The National Human Rights Commission has issued an 88-page report on the 2010 red shirt demonstrations that led to over 90 deaths in Bangkok. The report is titled “Examination for Policy Review on the UDD-led Demonstration 12 March-19 May 2010”, and absolves then-Prime Minister Abhisit Vejjajiva and his Democratic Party-led government of responsibility over the lethel turn of events. Instead, it places blame on the UDD for instigating violence which led to the military crackdown.
The report was immediately criticized by certain groups associated with the red shirt movement. The People’s Power Alliance, a red shirt splinter group, said it would give the NHRC until the end of this month to show responsibility for its “misinformation” in the report.
The report said the government was justified in stopping the transmission of the pro-UDD PTV channel because of its repeated airing of “hate speeches”. The shutdown of the station led to a red shirt mob storming and taking over the building where the channel aired in spite of the presence of soldiers guarding the premises.
Regarding the events of April 10 near Ratchadamnoen Avenue which resulted in 27 deaths and 890 casualties, the report said the UDD protest was unconstitutional and violated the rights of the public. It also blamed the men in black among the protesters for igniting violence by using weapons of war against the government soldiers.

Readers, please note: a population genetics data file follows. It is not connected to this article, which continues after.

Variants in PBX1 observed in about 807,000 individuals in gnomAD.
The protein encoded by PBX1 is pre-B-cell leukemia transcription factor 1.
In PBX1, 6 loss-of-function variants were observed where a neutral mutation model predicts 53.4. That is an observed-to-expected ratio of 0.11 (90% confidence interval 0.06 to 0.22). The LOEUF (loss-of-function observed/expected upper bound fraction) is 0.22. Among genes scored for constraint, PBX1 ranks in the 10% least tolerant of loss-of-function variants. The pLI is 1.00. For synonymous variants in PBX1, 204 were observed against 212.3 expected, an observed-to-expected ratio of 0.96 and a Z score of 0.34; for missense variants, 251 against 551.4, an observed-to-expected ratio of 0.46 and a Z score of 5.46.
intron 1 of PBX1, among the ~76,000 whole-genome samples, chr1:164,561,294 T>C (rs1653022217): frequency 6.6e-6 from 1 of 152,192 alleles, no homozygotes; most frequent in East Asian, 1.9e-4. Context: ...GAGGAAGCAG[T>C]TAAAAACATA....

It also said the UDD ”indecently used children and women as shields against the authorities”, and was also guilty of ”planning murder against the military with laser markings”.
Concerning the April 22, 2010 incident where M79s were used at Saladaeng resulting in one death and 100 casualties, it blamed the police for doing too little to prevent the incidents in spite of having prior knowledge of the violent intentions of the UDD.
Most of the deaths and injuries occurred May 13-19, and here the report said the military had received clear orders to fire live bullets into the air to stop or block the protesters, but clashes with armed men among the protesters led to 404 injuries and 51 deaths.
It also said armed men among the protesters running in and out of Wat Pathum Wanaram and exchanging gunfire with soldiers led to the six deaths there. This contradicted a ruling earlier this month by the Southern Bangkok Criminal Court that blamed the security forces for the six deaths at the temple.
Kittisak Prokati, a Thammasat University law professor, said the NHRC had misplaced its emphasis. He said it should have focused on how the demonstrators’ rights were violated by the government before considering how the public’s right were affected by the protests. Image/BangkokPost